In the News

June 01, 2017

By Katy Murphy

A package of four bills introduced by Sens. Ricardo Lara, D-Bell Gardens, and Holly Mitchell, D-Los Angeles, to reform treatment of youths and young adults in the criminal justice system. Senate Bill 394 ends life without parole for juveniles; Senate Bill 393, sponsored by San Francisco District Attorney George Gascon, seals arrest records for those arrested but not convicted of a crime; and Senate Bill 395 would require those under 18 to consult with legal counsel before waiving their Miranda rights in police interrogations.

May 31, 2017

Listen to the segment  on the Senate approving SB 190 by Sen. Holly J. Mitchell HERE:

May 26, 2017

By Julio Moran and Linda Jacobson

Proposed legislation would move juvenile justice in California closer to rehabilitating youth rather than punishing them, juvenile advocates say.

State sens. Holly Mitchell and Ricardo Lara, both Democrats, introduced bills in March that would keep more youth out of the juvenile justice system by focusing on crime prevention and family ties rather than incarceration.

While none of the proposed laws are groundbreaking, they could lead to changes in other states.

May 18, 2017

By Patrick McGreevy

The state Senate approved a measure Thursday that could loosen sentencing for gun crimes.

Current law says anyone who uses a gun in committing a felony must have their sentence increased by three to 10 years in prison on top of the penalty for the felony. The proposal is to lift that mandate.

Sen. Steven Bradford (D-Gardena) said he introduced the bill after a 17-year-old riding in a car involved in a drive-by shooting was sentenced to 25 years in prison even though he denied shooting the gun.

May 17, 2017

Backers of California after-school programs are pushing hard for their first state funding increase in a decade, even as the Trump administration has called for cutting federal funding. Watch, listen to Sen. Holly J. Mitchell's comments HERE:

Read  transcript below.

May 16, 2017

By David Greenwald

Failed to Reduce Drug Sales, Exacerbated Racial Disparities in Sentencing, Crippled State and Local Budgets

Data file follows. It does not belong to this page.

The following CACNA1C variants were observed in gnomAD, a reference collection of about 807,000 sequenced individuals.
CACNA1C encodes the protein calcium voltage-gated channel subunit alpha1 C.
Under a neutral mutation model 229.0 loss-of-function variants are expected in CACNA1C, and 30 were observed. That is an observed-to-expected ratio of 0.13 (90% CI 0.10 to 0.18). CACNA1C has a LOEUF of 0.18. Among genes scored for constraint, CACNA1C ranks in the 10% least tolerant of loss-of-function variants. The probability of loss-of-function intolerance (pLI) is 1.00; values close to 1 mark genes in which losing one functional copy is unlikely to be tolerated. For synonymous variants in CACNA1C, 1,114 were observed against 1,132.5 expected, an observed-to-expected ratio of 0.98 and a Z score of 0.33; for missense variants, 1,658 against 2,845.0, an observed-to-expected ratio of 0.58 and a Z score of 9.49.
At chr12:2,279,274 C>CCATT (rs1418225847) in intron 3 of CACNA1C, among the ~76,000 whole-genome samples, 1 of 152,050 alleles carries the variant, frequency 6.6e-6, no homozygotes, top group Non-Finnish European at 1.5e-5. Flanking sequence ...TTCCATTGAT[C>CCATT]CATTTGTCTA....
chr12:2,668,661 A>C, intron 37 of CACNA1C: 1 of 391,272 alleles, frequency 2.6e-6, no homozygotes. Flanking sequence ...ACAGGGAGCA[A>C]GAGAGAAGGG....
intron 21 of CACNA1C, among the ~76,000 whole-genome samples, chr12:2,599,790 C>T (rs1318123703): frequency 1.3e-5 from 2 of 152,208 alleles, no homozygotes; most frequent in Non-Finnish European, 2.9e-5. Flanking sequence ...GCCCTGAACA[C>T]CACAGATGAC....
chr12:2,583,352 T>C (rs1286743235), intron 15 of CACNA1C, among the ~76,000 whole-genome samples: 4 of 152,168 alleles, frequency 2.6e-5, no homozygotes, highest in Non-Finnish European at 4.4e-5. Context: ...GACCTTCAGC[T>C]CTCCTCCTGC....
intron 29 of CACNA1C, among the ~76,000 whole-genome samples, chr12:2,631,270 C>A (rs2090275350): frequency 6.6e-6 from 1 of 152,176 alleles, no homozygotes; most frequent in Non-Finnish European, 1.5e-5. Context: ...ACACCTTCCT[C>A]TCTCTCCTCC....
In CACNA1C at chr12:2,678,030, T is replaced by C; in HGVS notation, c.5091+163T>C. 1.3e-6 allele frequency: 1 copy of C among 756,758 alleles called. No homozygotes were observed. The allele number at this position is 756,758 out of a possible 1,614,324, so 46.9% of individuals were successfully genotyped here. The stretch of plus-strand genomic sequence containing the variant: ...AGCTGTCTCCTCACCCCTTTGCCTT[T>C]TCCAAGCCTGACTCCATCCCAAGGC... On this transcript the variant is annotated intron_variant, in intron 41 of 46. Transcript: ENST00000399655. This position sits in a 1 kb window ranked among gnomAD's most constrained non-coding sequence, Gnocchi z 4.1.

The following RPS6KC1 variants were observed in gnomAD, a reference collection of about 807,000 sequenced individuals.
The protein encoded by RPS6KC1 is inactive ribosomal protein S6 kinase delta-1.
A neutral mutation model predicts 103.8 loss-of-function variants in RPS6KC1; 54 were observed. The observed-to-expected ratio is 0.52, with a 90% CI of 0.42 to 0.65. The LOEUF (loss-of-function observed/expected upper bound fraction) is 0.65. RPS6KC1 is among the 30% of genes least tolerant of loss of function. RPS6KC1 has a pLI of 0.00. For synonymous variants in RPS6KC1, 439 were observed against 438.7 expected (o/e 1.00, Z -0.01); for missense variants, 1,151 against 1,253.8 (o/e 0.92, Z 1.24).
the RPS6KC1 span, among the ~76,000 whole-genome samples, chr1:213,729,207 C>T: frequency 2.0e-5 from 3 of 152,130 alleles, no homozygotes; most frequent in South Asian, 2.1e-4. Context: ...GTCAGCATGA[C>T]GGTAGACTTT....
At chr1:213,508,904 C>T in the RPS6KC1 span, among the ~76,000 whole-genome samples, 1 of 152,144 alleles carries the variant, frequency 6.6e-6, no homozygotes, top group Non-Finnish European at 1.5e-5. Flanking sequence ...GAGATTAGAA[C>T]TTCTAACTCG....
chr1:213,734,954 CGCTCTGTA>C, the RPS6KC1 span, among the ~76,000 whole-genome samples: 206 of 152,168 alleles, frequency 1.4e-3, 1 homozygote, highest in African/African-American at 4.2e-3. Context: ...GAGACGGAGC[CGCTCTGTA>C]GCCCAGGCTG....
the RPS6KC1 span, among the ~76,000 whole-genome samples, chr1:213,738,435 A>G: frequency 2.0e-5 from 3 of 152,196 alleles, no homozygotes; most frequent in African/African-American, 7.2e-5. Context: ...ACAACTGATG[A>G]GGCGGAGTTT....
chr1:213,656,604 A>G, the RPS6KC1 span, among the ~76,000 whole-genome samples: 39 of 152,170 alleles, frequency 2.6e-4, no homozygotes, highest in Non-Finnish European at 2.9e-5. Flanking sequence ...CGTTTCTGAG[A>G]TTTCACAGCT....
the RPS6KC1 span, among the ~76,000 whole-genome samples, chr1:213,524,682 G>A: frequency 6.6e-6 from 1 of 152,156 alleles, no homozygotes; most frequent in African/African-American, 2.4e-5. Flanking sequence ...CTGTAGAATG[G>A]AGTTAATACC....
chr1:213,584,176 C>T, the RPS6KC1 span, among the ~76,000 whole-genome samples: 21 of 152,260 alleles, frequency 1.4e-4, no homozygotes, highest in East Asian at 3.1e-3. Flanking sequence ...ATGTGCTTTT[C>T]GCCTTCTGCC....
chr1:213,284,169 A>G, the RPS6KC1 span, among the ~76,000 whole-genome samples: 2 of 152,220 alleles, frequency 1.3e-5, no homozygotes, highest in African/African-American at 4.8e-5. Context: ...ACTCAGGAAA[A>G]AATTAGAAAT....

The California Senate took a step to address what many described as an expensive failed policy that exacerbated racial disparities in sentencing by passing SB 180 by Senators Holly Mitchell of Los Angeles and Ricardo Lara of Long Beach. The bill passed along party lines, 22-13, with most Democrats supporting the reform, and most Republicans opposing.

May 16, 2017

By Jazmine Ulloa

The state Senate on Monday approved a bill that would repeal three-year mandatory sentence enhancements for some prior drug convictions, part of a reform package that lawmakers say would protect juveniles and create parity in the justice system.

Senate Bill 180, co-authored by Sens. Holly Mitchell (D-Los Angeles) and Ricardo Lara (D-Bell Gardens), narrowly moved out of the Senate on a 22-13 vote. It now heads to the Assembly for consideration.

May 16, 2017

By Angela Hart

ahart@sacbee.com

With after-school programs in California at risk under President Donald Trump, some state lawmakers and after-school advocates are seeking to pressure Gov. Jerry Brown to help.

Trump, in his budget proposal, has proposed eliminating funding for after-school programs. Cuts could affect 400,000 elementary and middle-school kids, according to the California Afterschool Advocacy Alliance, which is organizing a rally at the Capitol beginning at 10:30 a.m.

May 16, 2017

By DON THOMPSON Associated Press

SACRAMENTO, Calif. — California's attorney general and state lawmakers again moved Monday in the opposite direction from the Trump administration, this time on penalties for criminals.

State Attorney General Xavier Becerra termed U.S. Attorney General Jeff Sessions' blanket call for harsher penalties for criminals "crazy" and "stupid," while state senators voted to roll back penalties for drug offenders.

Sessions said Friday that federal prosecutors should file the toughest charges possible against most crime suspects.